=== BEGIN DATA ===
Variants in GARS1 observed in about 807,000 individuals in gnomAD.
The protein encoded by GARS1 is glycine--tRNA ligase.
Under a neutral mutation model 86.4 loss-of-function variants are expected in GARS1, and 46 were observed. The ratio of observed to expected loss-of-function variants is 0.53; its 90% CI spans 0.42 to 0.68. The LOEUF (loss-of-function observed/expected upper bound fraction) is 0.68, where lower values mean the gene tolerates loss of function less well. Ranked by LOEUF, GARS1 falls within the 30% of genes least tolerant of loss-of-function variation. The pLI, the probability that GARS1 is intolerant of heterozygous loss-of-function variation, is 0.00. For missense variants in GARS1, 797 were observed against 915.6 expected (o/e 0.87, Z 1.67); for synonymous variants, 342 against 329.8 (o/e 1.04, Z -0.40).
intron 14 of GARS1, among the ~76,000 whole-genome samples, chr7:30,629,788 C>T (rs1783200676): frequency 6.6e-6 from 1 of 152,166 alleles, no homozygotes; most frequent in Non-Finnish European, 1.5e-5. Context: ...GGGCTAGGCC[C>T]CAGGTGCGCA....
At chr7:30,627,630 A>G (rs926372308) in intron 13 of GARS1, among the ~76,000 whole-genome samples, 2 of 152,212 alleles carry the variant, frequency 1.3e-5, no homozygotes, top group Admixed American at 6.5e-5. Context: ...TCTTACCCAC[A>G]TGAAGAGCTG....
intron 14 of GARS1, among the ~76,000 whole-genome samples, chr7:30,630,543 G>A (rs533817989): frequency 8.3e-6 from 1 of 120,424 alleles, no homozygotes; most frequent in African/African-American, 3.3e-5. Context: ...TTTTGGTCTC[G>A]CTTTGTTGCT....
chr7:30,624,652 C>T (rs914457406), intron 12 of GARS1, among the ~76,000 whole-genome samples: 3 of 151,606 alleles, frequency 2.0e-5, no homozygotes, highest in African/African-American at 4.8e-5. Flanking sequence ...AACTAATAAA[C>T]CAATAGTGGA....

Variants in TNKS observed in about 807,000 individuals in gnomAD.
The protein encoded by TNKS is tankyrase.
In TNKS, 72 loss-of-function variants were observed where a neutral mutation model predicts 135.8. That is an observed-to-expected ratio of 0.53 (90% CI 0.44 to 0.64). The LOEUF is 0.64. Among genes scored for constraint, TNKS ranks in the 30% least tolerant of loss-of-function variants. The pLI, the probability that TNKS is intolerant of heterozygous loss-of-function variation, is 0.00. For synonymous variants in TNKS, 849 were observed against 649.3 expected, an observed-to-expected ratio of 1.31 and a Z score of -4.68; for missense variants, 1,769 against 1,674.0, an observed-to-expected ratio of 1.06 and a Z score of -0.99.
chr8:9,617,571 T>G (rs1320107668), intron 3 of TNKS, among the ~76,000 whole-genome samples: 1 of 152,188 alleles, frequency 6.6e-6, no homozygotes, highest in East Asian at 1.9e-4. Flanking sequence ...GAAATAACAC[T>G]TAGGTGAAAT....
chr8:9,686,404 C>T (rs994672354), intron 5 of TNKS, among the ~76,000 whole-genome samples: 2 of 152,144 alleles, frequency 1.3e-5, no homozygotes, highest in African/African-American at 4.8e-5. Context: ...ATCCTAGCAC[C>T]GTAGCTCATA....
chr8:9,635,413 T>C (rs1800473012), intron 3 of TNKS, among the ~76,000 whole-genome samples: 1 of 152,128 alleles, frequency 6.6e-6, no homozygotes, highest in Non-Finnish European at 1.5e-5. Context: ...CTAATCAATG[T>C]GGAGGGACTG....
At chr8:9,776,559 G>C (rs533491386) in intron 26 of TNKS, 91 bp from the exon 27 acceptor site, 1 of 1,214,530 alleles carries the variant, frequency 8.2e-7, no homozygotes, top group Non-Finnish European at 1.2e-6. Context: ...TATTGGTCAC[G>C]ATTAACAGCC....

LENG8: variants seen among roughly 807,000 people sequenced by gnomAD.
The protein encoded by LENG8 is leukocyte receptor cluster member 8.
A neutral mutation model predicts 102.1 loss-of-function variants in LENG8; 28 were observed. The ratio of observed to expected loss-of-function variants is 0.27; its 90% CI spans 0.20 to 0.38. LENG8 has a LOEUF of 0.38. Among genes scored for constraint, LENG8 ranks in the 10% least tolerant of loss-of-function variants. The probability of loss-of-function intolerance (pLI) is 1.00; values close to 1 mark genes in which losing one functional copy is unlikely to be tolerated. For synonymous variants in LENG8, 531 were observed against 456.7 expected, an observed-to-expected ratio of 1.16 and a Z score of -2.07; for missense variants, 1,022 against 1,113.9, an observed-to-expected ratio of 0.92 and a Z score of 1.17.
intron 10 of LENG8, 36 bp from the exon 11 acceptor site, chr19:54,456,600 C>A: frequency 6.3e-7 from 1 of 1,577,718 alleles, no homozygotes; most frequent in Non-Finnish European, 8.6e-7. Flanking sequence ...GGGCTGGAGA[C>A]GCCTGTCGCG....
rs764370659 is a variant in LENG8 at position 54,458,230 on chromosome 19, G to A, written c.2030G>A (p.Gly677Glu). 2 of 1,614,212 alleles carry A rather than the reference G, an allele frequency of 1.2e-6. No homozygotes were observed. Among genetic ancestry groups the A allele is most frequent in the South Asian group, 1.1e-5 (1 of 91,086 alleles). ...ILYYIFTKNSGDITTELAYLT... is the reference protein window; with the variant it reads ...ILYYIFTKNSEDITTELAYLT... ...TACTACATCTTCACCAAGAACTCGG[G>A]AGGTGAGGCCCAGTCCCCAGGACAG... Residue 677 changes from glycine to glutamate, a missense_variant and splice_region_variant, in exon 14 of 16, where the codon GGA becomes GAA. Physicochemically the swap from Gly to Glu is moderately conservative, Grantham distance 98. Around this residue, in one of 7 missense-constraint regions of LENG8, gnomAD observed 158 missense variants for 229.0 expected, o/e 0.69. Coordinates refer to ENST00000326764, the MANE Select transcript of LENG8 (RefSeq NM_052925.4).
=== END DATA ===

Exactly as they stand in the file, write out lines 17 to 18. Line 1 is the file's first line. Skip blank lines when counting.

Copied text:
A neutral mutation model predicts 102.1 loss-of-function variants in LENG8; 28 were observed. The ratio of observed to expected loss-of-function variants is 0.27; its 90% CI spans 0.20 to 0.38. LENG8 has a LOEUF of 0.38. Among genes scored for constraint, LENG8 ranks in the 10% least tolerant of loss-of-function variants. The probability of loss-of-function intolerance (pLI) is 1.00; values close to 1 mark genes in which losing one functional copy is unlikely to be tolerated. For synonymous variants in LENG8, 531 were observed against 456.7 expected, an observed-to-expected ratio of 1.16 and a Z score of -2.07; for missense variants, 1,022 against 1,113.9, an observed-to-expected ratio of 0.92 and a Z score of 1.17.
intron 10 of LENG8, 36 bp from the exon 11 acceptor site, chr19:54,456,600 C>A: frequency 6.3e-7 from 1 of 1,577,718 alleles, no homozygotes; most frequent in Non-Finnish European, 8.6e-7. Flanking sequence ...GGGCTGGAGA[C>A]GCCTGTCGCG....